The Getty Center
February 27–May 27, 2018
Paper Promises traces mid-nineteenth-century experimentation with and exploitation of photography on paper. Rare photographs and negatives are featured alongside iconic images from the formative years of photography in the United States. The exhibition demonstrates the importance of photographic reproduction in shaping and circulating perceptions of America and its people during a critical period of political tension and territorial expansion.
February 27–May 27, 2018
Interaction with paper plays an integral role in the practice of many photographers working today. Some create paper models with images gleaned from current events, popular magazines, or the internet for the express purpose of photographing them. Others cut, layer, fold, and/or assemble representational photographs to introduce tactile or narrative elements. The exhibition features works by Thomas Demand, Christiane Feser, Daniel Gordon, Soo Kim, Matt Lipps, and Christopher Russell.
Rembrandt and the Inspiration of India
March 13–June 24, 2018
One of the most intriguing series in Rembrandt's oeuvre comprises his drawings made in the style of artists serving the Mughal court in India. Juxtaposing Rembrandt's depictions of Mughal rulers and courtiers with Indian paintings and drawings of similar compositions, this exhibition reveals how contact with Mughal art inspired Rembrandt to draw in an entirely different, refined style prompted by his curiosity for a foreign culture.
Beyond the Nile: Egypt and the Classical World
March 27–September 9, 2018
This major exhibition explores the artistic interplay between the three great cultures of Egypt, Greece, and Rome from about 2000 BC to AD 300. Highlights include finely crafted vessels sent by Egypt’s pharaohs to Crete and Mycenae, Egyptian statues that served as inspiration for the first Greek sculptors, striking portraits blending Egyptian and classical styles, and luxurious objects made for wealthy Romans obsessed with all things Egyptian.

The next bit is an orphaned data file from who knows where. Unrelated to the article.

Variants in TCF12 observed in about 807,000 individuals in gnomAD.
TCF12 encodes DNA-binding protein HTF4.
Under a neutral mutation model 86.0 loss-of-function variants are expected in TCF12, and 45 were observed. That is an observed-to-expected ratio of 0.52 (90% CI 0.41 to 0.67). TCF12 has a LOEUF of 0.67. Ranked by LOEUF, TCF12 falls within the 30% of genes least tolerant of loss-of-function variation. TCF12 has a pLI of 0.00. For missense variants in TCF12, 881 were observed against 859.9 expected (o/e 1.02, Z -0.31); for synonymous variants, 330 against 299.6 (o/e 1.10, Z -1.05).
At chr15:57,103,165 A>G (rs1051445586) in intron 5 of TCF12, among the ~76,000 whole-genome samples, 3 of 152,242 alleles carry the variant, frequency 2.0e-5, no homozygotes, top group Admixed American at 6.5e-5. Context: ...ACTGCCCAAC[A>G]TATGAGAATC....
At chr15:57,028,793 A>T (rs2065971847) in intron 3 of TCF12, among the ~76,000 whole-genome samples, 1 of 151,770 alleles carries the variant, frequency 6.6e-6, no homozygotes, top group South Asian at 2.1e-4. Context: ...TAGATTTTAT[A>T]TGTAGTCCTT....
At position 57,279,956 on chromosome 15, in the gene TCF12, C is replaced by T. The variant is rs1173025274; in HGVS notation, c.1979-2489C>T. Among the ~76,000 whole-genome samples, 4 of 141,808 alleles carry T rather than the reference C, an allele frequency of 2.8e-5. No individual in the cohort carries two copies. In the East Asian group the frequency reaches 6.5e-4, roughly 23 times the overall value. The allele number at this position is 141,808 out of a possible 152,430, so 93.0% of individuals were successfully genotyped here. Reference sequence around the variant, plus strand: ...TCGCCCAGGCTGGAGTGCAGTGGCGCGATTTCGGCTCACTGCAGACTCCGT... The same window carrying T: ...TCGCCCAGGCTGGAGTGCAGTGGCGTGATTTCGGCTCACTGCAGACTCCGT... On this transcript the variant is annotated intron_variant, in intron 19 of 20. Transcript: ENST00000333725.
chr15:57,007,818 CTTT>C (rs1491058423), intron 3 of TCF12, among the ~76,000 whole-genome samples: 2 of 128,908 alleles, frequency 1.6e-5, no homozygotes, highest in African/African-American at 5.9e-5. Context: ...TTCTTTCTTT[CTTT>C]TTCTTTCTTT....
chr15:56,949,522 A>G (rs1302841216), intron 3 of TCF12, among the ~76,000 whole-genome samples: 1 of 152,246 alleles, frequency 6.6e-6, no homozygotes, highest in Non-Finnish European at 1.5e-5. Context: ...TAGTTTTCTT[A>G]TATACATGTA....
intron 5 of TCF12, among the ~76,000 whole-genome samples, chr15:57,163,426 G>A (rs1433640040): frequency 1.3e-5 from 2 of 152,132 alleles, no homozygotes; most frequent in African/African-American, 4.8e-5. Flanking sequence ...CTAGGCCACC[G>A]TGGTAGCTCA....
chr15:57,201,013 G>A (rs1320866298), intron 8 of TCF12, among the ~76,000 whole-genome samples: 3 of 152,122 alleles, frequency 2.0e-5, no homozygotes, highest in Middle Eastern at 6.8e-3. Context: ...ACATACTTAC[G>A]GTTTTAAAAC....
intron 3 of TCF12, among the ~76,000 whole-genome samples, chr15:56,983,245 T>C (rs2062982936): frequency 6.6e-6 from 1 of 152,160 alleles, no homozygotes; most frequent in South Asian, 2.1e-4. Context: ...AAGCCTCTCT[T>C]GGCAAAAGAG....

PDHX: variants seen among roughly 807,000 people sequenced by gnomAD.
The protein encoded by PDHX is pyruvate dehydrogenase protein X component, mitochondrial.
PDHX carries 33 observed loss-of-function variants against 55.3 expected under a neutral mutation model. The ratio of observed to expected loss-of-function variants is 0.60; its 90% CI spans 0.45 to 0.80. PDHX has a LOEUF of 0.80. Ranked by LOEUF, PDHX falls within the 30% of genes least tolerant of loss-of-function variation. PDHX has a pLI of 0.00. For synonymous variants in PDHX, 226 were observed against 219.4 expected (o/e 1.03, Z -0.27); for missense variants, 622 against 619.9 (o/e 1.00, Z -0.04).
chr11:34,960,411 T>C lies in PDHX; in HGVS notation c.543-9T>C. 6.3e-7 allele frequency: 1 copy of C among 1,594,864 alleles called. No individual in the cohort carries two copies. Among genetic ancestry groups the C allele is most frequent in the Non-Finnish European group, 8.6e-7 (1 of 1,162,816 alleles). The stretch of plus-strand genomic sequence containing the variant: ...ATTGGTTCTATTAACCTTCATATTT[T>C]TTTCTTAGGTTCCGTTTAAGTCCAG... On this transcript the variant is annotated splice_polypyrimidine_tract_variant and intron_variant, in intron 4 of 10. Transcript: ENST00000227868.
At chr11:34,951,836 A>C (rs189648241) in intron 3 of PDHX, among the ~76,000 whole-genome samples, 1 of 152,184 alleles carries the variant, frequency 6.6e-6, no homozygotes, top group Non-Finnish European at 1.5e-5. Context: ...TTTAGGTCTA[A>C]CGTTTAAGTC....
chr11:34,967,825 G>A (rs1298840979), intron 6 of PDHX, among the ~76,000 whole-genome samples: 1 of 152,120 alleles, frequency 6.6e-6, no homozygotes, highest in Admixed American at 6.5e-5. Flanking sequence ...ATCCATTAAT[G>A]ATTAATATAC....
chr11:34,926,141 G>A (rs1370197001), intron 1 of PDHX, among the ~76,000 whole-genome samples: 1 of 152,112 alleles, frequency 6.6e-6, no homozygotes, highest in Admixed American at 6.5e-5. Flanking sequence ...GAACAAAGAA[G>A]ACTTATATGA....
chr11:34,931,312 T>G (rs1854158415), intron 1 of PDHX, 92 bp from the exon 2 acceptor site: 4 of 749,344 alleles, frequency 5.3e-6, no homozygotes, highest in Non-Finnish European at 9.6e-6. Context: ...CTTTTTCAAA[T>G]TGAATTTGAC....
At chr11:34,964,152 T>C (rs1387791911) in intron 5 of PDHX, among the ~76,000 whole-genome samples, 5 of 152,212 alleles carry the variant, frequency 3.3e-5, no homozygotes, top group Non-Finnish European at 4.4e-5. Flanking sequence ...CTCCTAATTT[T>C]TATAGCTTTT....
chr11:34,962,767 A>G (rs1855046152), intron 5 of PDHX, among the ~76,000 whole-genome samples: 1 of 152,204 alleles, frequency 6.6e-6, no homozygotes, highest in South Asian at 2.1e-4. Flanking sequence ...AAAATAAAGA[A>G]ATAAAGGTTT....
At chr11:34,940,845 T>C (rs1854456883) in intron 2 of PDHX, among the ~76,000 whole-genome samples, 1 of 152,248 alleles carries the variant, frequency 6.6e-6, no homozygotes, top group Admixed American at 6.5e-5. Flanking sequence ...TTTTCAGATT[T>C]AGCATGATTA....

Pathways to Paradise: Medieval India and Europe
May 1–August 5, 2018
The pages of medieval manuscripts reveal a dynamically interconnected world filled with real and imagined ideas about foreign peoples and places. Buddhists, Muslims, and Christians living across Europe and Asia conceived paradise as a place of perfect harmony, but the path for locating such a site or achieving this state of mind varied between these religions. By exploring the terrestrial and celestial realms, this exhibition highlights the spiritual motivations for creating and owning portable and devotional artworks.
In Focus: Expressions
May 22–October 7, 2018
The human face has been the subject of fascination for photographers since the medium’s inception. This exhibition includes posed portraits, physiognomic studies, anonymous snapshots, and unsuspecting countenances caught by the camera’s eye, offering a close-up look at the range of human stories that facial expressions—and photographs—can tell.
Icons of Style: A Century of Fashion Photography, 1911–2011
June 26–October 21, 2018
This exhibition surveys the rich and varied history of modern fashion photography, exploring the ways in which photographers whose careers have been closely associated with the industry have shaped evolving notions of style and beauty. Drawn from the Getty Museum's permanent collection and supplemented by loans from private and public sources, Icons of Style features more than two hundred photographs presented alongside a selection of costumes, illustrations, magazine covers, videos, and advertisements.
The Getty Villa
Plato in L.A.: Contemporary Artists' Visions
April 18–September 3, 2018
Plato is one of the founding figures of Western civilization. His legacy encompasses ethics, politics, theology, and poetics. In this exhibition at the Getty Villa, a museum exploring classical art and culture, some of today's most celebrated artists consider Plato's impact on the contemporary world. In the form of sculptures, paintings, drawings, and large-scale installations, they respond to his contribution to philosophy—from defining the ideal to understanding the human condition—while fostering the ultimate Platonic experience: contemplation.
Palmyra: Loss and Remembrance
April 18, 2018–May 27, 2019
Between the first and third centuries AD, the inhabitants of Palmyra, an ancient Syrian caravan city at the crossroads between the Roman and the Parthian empires, embellished their tombs with distinctive funerary portraits. These vivid likenesses of finely dressed men, women and children, often accompanied by inscriptions naming local families, illuminate cultural exchanges taking place in the eastern Mediterranean. This installation presents sculpture from the collections of the Ny Carlsberg Glyptotek in Copenhagen on long-term loan to the Getty alongside historical engravings and photographs from the Getty Research Institute.